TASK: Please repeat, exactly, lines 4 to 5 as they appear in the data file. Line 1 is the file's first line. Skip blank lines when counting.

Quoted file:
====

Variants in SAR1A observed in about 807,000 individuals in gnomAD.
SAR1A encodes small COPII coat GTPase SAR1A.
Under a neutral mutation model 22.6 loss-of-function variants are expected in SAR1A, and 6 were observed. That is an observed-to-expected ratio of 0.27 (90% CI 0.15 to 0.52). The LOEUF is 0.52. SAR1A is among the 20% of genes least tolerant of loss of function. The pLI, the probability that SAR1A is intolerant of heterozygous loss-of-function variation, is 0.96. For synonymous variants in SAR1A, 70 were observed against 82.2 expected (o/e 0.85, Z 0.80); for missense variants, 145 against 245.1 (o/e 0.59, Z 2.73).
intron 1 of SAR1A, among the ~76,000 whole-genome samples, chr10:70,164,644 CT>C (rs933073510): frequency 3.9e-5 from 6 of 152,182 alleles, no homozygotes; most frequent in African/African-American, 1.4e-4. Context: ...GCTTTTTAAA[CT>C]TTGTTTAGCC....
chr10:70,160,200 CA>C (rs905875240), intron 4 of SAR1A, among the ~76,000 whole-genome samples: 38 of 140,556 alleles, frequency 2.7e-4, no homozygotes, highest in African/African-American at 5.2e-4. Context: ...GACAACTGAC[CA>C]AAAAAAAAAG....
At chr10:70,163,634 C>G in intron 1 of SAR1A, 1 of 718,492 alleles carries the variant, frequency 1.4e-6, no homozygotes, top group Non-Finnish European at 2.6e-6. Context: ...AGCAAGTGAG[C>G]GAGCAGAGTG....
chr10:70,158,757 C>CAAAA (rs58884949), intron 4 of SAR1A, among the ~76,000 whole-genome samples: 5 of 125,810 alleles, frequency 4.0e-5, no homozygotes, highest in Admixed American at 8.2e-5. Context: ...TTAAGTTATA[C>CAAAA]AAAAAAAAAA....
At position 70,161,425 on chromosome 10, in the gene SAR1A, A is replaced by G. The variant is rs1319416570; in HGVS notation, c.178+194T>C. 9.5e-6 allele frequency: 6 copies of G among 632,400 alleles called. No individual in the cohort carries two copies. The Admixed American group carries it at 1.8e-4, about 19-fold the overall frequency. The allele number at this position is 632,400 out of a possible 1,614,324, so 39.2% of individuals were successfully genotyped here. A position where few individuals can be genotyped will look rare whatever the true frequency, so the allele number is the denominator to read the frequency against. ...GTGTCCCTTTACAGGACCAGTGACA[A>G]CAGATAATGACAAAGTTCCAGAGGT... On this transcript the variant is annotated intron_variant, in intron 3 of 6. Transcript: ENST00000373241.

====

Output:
intron 1 of SAR1A, among the ~76,000 whole-genome samples, chr10:70,164,644 CT>C (rs933073510): frequency 3.9e-5 from 6 of 152,182 alleles, no homozygotes; most frequent in African/African-American, 1.4e-4. Context: ...GCTTTTTAAA[CT>C]TTGTTTAGCC....
chr10:70,160,200 CA>C (rs905875240), intron 4 of SAR1A, among the ~76,000 whole-genome samples: 38 of 140,556 alleles, frequency 2.7e-4, no homozygotes, highest in African/African-American at 5.2e-4. Context: ...GACAACTGAC[CA>C]AAAAAAAAAG....